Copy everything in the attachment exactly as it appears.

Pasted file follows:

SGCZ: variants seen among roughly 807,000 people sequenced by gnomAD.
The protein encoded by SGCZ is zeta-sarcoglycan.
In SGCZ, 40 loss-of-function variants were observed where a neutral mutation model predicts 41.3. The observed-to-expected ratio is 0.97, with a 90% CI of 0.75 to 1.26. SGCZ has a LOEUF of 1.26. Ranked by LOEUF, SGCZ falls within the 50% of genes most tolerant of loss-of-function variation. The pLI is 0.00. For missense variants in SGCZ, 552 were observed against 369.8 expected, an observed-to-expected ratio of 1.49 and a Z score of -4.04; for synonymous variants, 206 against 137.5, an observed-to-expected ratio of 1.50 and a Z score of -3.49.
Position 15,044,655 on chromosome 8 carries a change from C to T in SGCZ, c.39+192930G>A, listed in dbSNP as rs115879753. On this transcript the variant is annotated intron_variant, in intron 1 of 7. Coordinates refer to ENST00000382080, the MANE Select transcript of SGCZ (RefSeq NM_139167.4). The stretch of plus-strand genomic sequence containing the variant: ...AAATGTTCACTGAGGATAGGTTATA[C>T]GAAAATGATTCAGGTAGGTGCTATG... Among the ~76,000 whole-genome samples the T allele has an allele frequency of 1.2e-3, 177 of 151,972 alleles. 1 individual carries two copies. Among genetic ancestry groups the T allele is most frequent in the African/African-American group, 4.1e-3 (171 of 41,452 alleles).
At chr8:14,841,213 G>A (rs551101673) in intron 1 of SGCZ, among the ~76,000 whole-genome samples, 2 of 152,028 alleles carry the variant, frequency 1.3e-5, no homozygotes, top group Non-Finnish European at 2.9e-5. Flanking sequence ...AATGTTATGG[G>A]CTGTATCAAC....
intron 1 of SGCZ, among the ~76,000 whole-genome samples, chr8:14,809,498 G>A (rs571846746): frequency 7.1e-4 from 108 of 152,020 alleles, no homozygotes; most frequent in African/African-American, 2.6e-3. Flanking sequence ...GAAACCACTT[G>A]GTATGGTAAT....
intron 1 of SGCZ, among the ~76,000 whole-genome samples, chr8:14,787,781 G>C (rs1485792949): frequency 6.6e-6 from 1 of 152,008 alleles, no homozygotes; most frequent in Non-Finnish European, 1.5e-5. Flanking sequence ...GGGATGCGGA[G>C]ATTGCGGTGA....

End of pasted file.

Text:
SGCZ: variants seen among roughly 807,000 people sequenced by gnomAD.
The protein encoded by SGCZ is zeta-sarcoglycan.
In SGCZ, 40 loss-of-function variants were observed where a neutral mutation model predicts 41.3. The observed-to-expected ratio is 0.97, with a 90% CI of 0.75 to 1.26. SGCZ has a LOEUF of 1.26. Ranked by LOEUF, SGCZ falls within the 50% of genes most tolerant of loss-of-function variation. The pLI is 0.00. For missense variants in SGCZ, 552 were observed against 369.8 expected, an observed-to-expected ratio of 1.49 and a Z score of -4.04; for synonymous variants, 206 against 137.5, an observed-to-expected ratio of 1.50 and a Z score of -3.49.
Position 15,044,655 on chromosome 8 carries a change from C to T in SGCZ, c.39+192930G>A, listed in dbSNP as rs115879753. On this transcript the variant is annotated intron_variant, in intron 1 of 7. Coordinates refer to ENST00000382080, the MANE Select transcript of SGCZ (RefSeq NM_139167.4). The stretch of plus-strand genomic sequence containing the variant: ...AAATGTTCACTGAGGATAGGTTATA[C>T]GAAAATGATTCAGGTAGGTGCTATG... Among the ~76,000 whole-genome samples the T allele has an allele frequency of 1.2e-3, 177 of 151,972 alleles. 1 individual carries two copies. Among genetic ancestry groups the T allele is most frequent in the African/African-American group, 4.1e-3 (171 of 41,452 alleles).
At chr8:14,841,213 G>A (rs551101673) in intron 1 of SGCZ, among the ~76,000 whole-genome samples, 2 of 152,028 alleles carry the variant, frequency 1.3e-5, no homozygotes, top group Non-Finnish European at 2.9e-5. Flanking sequence ...AATGTTATGG[G>A]CTGTATCAAC....
intron 1 of SGCZ, among the ~76,000 whole-genome samples, chr8:14,809,498 G>A (rs571846746): frequency 7.1e-4 from 108 of 152,020 alleles, no homozygotes; most frequent in African/African-American, 2.6e-3. Flanking sequence ...GAAACCACTT[G>A]GTATGGTAAT....
intron 1 of SGCZ, among the ~76,000 whole-genome samples, chr8:14,787,781 G>C (rs1485792949): frequency 6.6e-6 from 1 of 152,008 alleles, no homozygotes; most frequent in Non-Finnish European, 1.5e-5. Flanking sequence ...GGGATGCGGA[G>C]ATTGCGGTGA....